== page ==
What is Pre-Market?

The pre-market is the period of trading activity that occurs before the regular market session. The pre-market trading session typically occurs between 8:00 a.m. and 9:30 a.m. EST each trading day. Many investors and traders watch the pre-market trading activity to judge the strength and direction of the market in anticipation for the regular trading session.

Understanding Pre-Market

Pre-market trading activity generally has limited volume and liquidity; therefore, large bid-ask spreads are common. Many retail brokers offer pre-market trading but may limit the types of orders that can be used during the pre-market period. Several direct-access brokers allow access to pre-market trading to commence as early at 4:00 a.m. EST from Monday through Friday.

It is important to remember there is very little activity for most stocks so early in the morning, unless there is news. The liquidity is also extremely thin, with most stocks only showing stub quotes. Index-based exchange-traded-funds (ETF), such as the SPDR S&P 500 ETF, have moving quotes due to the trading in the S&P 500 futures contracts. Many of the most widely held top holdings in benchmark indices may also get movement in the event of a significant gap up or down in the S&P 500 futures. Stocks such as Apple Inc. tend to get trades as early at 4:00 a.m. EST.

After-hours trading was introduced before pre-market trading. The New York Stock Exchange introduced after-hours trading in June 1991 by extending trading hours by an hour. The move was a response to increased competition from international exchanges in London and Tokyo and private exchanges, which offered more hours of trading. 2.24 million shares changed hands in two sessions of trading. Over the years, as exchanges became increasingly computerized and the Internet's reach spread across borders, NYSE began extending the number of hours of trading available for trading, eventually allowing pre-market trading between the hours of 4 a.m. and 9:30 a.m.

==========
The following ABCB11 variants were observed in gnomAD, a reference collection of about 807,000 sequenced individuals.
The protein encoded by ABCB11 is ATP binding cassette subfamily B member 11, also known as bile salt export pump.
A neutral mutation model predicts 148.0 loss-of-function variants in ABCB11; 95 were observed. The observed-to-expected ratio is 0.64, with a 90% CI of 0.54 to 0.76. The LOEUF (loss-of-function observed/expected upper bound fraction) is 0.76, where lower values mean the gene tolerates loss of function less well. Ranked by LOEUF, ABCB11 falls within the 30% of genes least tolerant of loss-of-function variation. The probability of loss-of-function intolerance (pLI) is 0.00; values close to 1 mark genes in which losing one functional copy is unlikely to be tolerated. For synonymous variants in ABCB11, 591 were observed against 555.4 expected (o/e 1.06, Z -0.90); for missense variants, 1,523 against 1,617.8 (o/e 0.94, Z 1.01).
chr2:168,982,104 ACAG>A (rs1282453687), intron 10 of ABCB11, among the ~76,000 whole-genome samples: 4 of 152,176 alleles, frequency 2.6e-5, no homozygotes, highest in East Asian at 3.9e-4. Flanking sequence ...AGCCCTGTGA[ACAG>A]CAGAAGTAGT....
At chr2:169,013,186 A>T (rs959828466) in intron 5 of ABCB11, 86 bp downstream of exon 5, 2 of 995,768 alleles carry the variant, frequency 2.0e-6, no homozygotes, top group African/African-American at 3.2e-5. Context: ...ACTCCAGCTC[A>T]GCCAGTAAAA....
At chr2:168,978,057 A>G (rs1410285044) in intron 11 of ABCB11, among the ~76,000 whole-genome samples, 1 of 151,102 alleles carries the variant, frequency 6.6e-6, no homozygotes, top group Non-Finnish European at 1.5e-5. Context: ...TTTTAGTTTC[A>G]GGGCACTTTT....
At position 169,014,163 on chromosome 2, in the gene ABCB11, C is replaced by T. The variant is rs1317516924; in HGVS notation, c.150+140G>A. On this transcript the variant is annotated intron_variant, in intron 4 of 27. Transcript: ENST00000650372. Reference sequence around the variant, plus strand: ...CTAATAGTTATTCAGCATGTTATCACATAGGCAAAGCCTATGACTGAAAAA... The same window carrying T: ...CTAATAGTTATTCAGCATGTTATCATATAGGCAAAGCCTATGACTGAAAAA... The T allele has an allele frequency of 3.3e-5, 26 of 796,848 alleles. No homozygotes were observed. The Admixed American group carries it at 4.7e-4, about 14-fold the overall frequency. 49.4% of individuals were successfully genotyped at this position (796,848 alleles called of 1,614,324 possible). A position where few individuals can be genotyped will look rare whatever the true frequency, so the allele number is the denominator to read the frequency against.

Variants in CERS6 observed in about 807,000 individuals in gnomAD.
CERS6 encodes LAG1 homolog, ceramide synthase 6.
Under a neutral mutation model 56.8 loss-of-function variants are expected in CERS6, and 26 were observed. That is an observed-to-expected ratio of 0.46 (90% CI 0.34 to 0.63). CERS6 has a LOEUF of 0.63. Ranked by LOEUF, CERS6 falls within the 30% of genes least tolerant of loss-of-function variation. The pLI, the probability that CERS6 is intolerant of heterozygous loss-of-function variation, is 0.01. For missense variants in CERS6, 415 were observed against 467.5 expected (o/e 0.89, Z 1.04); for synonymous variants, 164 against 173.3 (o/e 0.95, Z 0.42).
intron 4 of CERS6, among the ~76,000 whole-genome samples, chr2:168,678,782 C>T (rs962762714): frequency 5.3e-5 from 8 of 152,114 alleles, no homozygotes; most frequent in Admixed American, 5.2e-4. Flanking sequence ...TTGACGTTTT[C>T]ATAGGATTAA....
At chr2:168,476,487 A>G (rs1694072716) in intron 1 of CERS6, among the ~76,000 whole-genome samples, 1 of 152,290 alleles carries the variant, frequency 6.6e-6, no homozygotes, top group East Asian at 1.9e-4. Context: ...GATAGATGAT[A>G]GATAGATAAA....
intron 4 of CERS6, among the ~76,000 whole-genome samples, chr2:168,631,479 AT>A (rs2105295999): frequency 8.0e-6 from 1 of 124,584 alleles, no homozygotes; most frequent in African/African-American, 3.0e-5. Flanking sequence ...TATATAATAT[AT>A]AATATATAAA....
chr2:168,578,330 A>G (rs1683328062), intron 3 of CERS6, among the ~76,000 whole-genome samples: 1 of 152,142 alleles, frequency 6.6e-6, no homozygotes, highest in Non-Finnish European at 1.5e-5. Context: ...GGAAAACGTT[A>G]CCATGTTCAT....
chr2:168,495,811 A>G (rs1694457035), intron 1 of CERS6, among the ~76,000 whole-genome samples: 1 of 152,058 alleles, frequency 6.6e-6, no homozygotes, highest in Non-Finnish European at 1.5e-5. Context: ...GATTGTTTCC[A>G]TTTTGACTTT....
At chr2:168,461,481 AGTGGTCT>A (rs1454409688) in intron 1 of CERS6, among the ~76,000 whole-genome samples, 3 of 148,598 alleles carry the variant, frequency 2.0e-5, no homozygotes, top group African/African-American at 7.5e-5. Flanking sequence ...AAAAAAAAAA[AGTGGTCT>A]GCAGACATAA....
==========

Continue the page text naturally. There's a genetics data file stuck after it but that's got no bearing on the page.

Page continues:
Key Takeaways

  • Pre-market trading is trading that occurs between 4 a.m. and 9:30 a.m. EST.
  • Pre-market trading is characterized by thin liquidity volumes and large bid-ask spreads.

Pre-Market Trading

Since the market is so thin before 8 a.m. EST, there is very little benefit to trading so early. In fact, it can be quite risky due to the possible slippage from exceptionally wide bid-ask spreads. Most brokers begin pre-market access at 8:00 a.m. EST. This is when the volume picks up simultaneously across the board, especially for stocks indicating a gap higher or lower based on news or rumors. The pre-market indications for a stock can be especially tricky for traders and should only be interpreted lightly. Stocks can appear strong pre-market, only to reverse direction at the normal market open at 9:30 a.m. EST. Only the most experienced traders should ever consider trading in the pre-market.

One advantage of pre-market trading is the ability to get an early jump on reactions to news releases. However, the limited amount of volume can give the perception of strength or weakness that can be deceptive and false when the market opens as real volume comes into play. Pre-market trading can only be executed with limit orders through electronic communication networks (ECNs), such as Archipelago (ARCA), Instinet (INCA), Island (ISLD) and Bloomberg Trade Book (BTRD). Market makers are not permitted to execute orders until the 9:30 a.m. EST. opening bell.

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  1. Nasdaq. "AAPL After-Hours Quotes." Accessed Aug. 7, 2021.

  2. Bloomberg. "After Hours Trading: A Very Small Step by the Big Board." Accessed Aug. 7, 2021.

  3. Securities and Exchange Commission. "Electronic Communication Networks (ECNs)." Accessed Aug. 7, 2021.

  4. Securities and Exchange Commission. "Investor Bulletin: After-Hours Trading." Accessed Aug. 7, 2021.